In most cases I would say that yes, you move to Sharepoint for what must remain in MS Office. But you consider other tooling when possible.



  • Our onsite SMB shares are 100 GB or less, probably a lot less. 30% might be Office type documents. The rest are installers, drivers, other IT files. Those files probably won't work well on SharePoint.



  • Additionally, considerations on backup solutions have to be considered. In the past backup solutions usually had additional costs for backing up DBs like SharePoint.
    Though I think that might be changing.



  • @Dashrender said:

    Our onsite SMB shares are 100 GB or less, probably a lot less. 30% might be Office type documents. The rest are installers, drivers, other IT files. Those files probably won't work well on SharePoint.

    IT files would rarely be good to put into Sharepoint. The traditional filesystem is specifically designed around executables. Installers and drivers would be things to probably keep on a network share. But they are also things that can be read only and not exposed from a security standpoint.



  • @Dashrender said:

    Additionally, considerations on backup solutions have to be considered. In the past backup solutions usually had additional costs for backing up DBs like SharePoint.
    Though I think that might be changing.

    You could always back it up like a normal file. Just like any file, it needs to not be in use during the backup process. You can either pause the database and back it up normally. Or you can have the database itself take a backup to filesystem which is then backed up.



  • @scottalanmiller said:

    @Dashrender said:

    Our onsite SMB shares are 100 GB or less, probably a lot less. 30% might be Office type documents. The rest are installers, drivers, other IT files. Those files probably won't work well on SharePoint.

    IT files would rarely be good to put into Sharepoint. The traditional filesystem is specifically designed around executables. Installers and drivers would be things to probably keep on a network share. But they are also things that can be read only and not exposed from a security standpoint.

    Exactly, I do have my directories set to read-only or no access for the rest of the staff, for exactly the reasons you've previously mentioned.



  • Ouch... Just looked up SharePoint licensing for on-prem. Assuming you need more than the essentials, just damn... really makes O365 that much more worth while!



  • @Dashrender said:

    Ouch... Just looked up SharePoint licensing for on-prem. Assuming you need more than the essentials, just damn... really makes O365 that much more worth while!

    No, not cheap at all. Sharepoint has been Microsoft flagship for a dozen years. It needs SQL Server to run too. It's a mammoth application handling so many different things. It has never been cheap once you get outside of the basics. But even the basics are really good.



  • @Dashrender said:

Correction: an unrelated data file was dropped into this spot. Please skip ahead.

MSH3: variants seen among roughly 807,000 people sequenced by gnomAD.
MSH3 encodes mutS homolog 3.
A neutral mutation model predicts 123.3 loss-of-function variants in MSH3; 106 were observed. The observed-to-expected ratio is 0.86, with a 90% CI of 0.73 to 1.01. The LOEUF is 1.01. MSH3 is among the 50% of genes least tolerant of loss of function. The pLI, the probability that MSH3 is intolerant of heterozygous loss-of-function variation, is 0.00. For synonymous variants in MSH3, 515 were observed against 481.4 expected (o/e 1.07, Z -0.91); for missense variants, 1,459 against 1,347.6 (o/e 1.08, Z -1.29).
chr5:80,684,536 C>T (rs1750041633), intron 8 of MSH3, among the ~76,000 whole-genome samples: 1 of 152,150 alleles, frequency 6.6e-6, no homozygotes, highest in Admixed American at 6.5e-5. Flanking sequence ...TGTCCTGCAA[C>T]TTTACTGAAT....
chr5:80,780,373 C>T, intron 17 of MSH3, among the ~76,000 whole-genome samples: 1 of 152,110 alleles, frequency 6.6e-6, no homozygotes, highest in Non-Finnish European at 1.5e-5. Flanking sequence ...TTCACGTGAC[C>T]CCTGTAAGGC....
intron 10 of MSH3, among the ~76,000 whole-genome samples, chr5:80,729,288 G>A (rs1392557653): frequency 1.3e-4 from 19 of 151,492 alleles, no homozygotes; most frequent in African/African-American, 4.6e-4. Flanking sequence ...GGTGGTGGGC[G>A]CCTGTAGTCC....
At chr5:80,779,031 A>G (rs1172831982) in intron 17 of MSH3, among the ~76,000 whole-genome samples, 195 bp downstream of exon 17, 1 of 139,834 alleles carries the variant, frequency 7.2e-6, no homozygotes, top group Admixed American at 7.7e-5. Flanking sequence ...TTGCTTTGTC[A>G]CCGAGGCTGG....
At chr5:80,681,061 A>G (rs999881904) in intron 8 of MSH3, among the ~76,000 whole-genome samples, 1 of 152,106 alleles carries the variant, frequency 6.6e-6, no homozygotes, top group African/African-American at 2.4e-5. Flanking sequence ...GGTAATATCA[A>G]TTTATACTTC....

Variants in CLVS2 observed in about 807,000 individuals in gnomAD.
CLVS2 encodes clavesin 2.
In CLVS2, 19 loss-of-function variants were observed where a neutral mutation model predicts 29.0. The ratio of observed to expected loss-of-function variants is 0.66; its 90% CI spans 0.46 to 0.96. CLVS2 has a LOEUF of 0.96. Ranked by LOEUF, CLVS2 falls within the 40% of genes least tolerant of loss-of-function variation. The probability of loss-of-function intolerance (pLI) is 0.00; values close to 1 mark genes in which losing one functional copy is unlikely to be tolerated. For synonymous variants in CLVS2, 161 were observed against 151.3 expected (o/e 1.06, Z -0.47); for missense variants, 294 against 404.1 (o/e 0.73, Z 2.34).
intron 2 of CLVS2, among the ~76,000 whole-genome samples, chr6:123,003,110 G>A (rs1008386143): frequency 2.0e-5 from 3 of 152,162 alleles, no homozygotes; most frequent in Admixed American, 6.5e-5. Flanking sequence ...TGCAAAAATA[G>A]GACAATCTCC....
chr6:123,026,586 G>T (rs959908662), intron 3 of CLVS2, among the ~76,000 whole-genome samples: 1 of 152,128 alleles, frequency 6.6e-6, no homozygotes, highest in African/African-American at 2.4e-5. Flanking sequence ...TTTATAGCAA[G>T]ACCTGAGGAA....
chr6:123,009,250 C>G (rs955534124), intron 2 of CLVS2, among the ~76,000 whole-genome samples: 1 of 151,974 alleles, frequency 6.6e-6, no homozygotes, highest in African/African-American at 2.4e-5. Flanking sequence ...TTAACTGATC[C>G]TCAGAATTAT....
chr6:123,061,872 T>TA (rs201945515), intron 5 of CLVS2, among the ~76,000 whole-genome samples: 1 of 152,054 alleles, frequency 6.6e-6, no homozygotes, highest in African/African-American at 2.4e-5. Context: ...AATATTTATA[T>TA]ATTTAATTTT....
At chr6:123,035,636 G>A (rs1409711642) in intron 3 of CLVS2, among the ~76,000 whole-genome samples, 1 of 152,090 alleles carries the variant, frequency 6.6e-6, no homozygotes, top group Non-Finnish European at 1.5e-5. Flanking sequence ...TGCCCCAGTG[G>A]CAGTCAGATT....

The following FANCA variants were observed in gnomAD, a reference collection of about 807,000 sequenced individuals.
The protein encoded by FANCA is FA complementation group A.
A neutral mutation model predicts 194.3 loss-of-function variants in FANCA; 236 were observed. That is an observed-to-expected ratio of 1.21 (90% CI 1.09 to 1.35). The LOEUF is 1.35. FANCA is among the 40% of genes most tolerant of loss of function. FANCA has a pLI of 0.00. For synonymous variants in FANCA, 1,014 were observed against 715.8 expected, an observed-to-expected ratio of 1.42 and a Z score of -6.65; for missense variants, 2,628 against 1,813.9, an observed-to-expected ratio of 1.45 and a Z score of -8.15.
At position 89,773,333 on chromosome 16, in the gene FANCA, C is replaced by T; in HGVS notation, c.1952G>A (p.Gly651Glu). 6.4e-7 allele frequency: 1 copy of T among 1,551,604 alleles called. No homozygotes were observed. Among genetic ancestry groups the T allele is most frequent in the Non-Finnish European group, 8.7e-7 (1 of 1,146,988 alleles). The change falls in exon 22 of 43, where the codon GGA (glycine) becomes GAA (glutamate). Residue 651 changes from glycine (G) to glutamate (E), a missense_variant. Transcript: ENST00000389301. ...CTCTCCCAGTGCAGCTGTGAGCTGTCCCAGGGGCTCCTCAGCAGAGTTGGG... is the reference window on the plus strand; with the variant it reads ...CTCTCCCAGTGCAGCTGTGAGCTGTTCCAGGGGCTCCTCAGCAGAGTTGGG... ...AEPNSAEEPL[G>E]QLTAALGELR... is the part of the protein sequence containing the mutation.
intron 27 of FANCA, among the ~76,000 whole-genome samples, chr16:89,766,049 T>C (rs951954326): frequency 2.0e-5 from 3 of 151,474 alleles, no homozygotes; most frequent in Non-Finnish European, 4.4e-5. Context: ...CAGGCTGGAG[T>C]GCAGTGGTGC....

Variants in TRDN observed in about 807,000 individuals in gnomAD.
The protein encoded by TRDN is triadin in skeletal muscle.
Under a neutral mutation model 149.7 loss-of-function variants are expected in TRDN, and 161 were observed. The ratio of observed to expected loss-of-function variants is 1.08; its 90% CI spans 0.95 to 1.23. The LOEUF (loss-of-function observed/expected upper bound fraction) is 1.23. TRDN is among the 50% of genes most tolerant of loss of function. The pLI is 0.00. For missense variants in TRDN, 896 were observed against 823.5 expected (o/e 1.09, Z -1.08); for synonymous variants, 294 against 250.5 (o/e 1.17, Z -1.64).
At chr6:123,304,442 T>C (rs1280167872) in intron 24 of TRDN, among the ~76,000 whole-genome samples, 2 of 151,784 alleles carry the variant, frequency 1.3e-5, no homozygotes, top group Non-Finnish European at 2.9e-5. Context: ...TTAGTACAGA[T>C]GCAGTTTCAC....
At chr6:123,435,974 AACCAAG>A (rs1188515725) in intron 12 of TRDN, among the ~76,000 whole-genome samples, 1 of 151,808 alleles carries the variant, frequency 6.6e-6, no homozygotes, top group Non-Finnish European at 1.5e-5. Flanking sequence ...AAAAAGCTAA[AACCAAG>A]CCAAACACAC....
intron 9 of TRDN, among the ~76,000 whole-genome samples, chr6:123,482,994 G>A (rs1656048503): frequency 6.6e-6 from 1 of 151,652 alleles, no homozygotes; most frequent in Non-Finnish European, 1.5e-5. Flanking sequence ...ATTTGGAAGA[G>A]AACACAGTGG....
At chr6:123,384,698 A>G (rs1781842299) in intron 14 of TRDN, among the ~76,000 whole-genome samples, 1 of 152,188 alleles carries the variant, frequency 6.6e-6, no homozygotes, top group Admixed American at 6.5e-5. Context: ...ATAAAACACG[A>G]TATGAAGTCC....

Assuming you need more than the essentials,

    The first question is why do you need more than Foundation? What extra features do you need?



  • @scottalanmiller said:

    But you consider other tooling when possible.

    Such as? SharePoint is great for using Office documents in IE in a relatively stable and controlled environment (such as the Accounts Department for example, who are mostly working collaboratively in Excel, Word and Acrobat), but outside of that it can be a bit limiting.

    If you'd asked me 20 years ago if mapped drives would still be so popular today, I wouldn't have believed you. I haven't used them for years, but other users here still do for historical reasons. I use hidden file shares and place a link to the share in users' Favourites folder (now called Quick Access in Windows 10), which works pretty well. The thing I love about the file server is that Windows Explorer is just a great application. It is so much more powerful and flexible than a browser. I find working in SharePoint like walking in mud compared with Windows Explorer. That may be partly be a lack of familiarity in SharePoint on my part. I know you can use Windows Explorer to access files in SharePoint, but that seems to be defeating the object, so I've tried to avoid it.

    The only thing I don't like about Windows Explorer compared with SharePoint, is its crap search functionality.

    I'd love to hear about people's experiences with other tools.



  • @Carnival-Boy said:

    @Dashrender said:

    Assuming you need more than the essentials,

    The first question is why do you need more than Foundation? What extra features do you need?

    Lots of great features, easily worth the extra money. But the extra features here would not be ones related to the topic at hand. All of the features needed for this are included in the free tier.



  • @Carnival-Boy said:

    I find working in SharePoint like walking in mud compared with Windows Explorer.